Three out of four beverage antennas are now up:
500 meters, 50 degrees, towards East Asia and most of the Pacific.
570 meters, 80 degrees, towards South East Asia and Australia
225 meters, 310 degrees, towards eastern North America, and South America.
We have yet to put up the dual 340 degrees beverage, towards western North America. Half of it has been rolled out, but not connected.
|Directions and lengths only approximate|
All have loooong DX-Engineering feedlines into my shack, where they first enter a DX-Engineering preamp, followed by a 1:8 MiniCircuits splitter and then distributed to the four radio operators.
There are some interesting differences in the antenna's noise levels. So I set up a test during daytime, when there were no signals on the MW band, to illustrate this. I used Perseus SDRs at 2 MHz sampling rates, centered on 1000 kHz, and SDR Console v. 3.0.3.
First off, the oldest "design" of them all, the 310 beverage aimed for North America. It points directly towards a wind park, comprising 15 Siemens turbines each with a capacity of 3 MW. The noise below 800 kHz is typical for these turbines, this "fingerprint" is also noted by Swedish DX-er Stefan Wikander. I suspect the peak on just below 1400 to belong to the same noise source.
|310 beverage, Perseus SDR|
Generally, the noise level is quite high, and a lot higher than at our test site Mount Loran, where we put up a temporary 1000-metre beverage at roughly the same direction.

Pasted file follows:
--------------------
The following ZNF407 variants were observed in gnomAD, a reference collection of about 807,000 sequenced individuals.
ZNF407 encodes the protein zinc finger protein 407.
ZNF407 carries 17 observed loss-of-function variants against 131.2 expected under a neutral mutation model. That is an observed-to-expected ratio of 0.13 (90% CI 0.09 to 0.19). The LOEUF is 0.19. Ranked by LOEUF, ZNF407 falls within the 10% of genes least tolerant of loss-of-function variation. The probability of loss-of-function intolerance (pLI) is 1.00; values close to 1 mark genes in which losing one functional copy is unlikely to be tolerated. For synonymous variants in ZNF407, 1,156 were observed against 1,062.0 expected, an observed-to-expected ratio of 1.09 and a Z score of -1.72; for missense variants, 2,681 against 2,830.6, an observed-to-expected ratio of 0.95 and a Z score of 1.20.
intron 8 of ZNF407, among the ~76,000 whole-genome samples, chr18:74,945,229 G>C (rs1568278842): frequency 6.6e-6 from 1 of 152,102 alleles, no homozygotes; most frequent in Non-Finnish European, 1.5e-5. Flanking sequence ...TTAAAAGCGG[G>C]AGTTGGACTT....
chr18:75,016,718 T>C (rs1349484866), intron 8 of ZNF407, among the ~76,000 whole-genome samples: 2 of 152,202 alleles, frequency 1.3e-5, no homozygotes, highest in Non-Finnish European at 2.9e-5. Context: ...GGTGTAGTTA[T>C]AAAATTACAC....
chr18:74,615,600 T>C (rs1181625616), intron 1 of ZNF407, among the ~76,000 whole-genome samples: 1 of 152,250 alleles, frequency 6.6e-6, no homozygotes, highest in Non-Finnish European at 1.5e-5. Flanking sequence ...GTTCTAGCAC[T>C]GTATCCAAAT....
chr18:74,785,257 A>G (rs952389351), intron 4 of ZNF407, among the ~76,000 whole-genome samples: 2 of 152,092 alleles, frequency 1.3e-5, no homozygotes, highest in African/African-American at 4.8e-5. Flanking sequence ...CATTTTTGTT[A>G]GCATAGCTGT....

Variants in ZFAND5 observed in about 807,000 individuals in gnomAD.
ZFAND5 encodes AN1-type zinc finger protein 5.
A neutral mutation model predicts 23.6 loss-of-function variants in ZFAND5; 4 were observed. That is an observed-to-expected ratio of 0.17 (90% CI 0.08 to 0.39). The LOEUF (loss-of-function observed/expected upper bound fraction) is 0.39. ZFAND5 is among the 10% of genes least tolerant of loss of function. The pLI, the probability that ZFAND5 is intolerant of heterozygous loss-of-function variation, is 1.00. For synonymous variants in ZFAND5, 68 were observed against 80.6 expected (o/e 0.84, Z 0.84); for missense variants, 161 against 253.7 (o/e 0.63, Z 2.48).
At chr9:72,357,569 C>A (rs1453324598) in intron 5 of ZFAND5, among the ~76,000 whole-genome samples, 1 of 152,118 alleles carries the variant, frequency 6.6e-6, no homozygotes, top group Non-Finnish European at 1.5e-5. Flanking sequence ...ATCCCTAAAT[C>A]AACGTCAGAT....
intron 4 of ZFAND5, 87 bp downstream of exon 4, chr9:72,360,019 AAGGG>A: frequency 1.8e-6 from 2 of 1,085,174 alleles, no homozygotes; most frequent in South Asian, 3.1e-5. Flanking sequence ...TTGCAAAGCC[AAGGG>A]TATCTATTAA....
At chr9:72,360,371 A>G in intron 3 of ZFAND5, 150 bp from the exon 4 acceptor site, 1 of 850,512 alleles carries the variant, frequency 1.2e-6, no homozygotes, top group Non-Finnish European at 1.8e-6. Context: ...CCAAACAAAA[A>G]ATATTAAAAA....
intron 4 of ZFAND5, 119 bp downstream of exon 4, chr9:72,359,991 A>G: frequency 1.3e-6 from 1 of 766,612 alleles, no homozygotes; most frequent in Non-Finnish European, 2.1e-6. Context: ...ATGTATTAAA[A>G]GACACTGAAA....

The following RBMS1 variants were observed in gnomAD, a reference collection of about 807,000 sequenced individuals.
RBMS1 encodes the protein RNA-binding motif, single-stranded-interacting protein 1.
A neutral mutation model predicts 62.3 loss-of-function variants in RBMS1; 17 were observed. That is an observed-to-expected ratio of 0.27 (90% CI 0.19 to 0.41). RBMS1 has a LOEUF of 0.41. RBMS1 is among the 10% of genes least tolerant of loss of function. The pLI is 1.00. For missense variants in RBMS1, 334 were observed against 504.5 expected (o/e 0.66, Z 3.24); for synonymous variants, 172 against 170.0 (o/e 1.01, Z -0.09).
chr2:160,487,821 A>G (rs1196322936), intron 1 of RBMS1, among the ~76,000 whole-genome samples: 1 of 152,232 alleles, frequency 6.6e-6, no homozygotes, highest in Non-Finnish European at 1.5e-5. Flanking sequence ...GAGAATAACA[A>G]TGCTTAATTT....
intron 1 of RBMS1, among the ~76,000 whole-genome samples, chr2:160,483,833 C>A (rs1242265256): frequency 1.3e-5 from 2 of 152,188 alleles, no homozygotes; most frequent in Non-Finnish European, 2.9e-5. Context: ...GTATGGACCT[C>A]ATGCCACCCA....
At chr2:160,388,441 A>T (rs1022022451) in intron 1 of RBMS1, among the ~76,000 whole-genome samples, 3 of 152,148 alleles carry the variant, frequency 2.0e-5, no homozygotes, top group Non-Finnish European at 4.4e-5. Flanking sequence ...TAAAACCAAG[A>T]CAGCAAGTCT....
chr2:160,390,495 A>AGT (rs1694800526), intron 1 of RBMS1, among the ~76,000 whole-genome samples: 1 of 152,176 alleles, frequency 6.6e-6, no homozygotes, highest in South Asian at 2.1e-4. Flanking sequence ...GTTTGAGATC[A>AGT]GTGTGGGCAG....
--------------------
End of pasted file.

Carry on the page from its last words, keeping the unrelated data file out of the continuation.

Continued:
The 50 beverage is very quiet. When we first erected it several years ago, we heard absolutely nothing when we tested it. We thought we had forgot to connect it. We hadn't. Since then, increase in general noise levels have affected it a bit, but it's still very quiet. We can see the wind turbine noise on the spectrum, but the antenna is grounded on its back end, and pointing slightly away from the turbines, so the effect isn't too bad.
|50 beverage, Perseus SDR|
The 80 beverage was new last year, and is somewhere in between, with regards to noise. The wind turbine RFI is clearly visible from 700 kHz and downwards. Apart from that, I don't really see why it should be so much noisier than the 50 beverage, so we might have to look into it.
|80 beverage, Perseus SDR|
And while we're in measuring mode, we might as well check the 70-metre, N-S longwire for the KongSDR
. It is placed some 30 meters from the house:
|N-S longwire, Perseus SDR|
It's nice and quiet in the LW band and lower MW, but otherwise not particularly quiet. It should be noted though, that the longwire is connected to a 13-dB Wellbrook splitter/preamp. And on the SW bands, as should be expected from a longwire, the noise level is around -120 dBm, which is quite good. The longwire certainly "hears" more on SW than the beverages do.
One would expect, or at least hope, that a super-rural area like this would be super-quiet as well. But just 4 km away is a major grid hub with several 20 kV, 66 kV, and 132 kV lines going in many directions. The wind park makes its own noise. And although we are on constant red alert regarding in-house appliances, we may have undetected noise sources here as well. Or maybe our neighbours 200 meters away.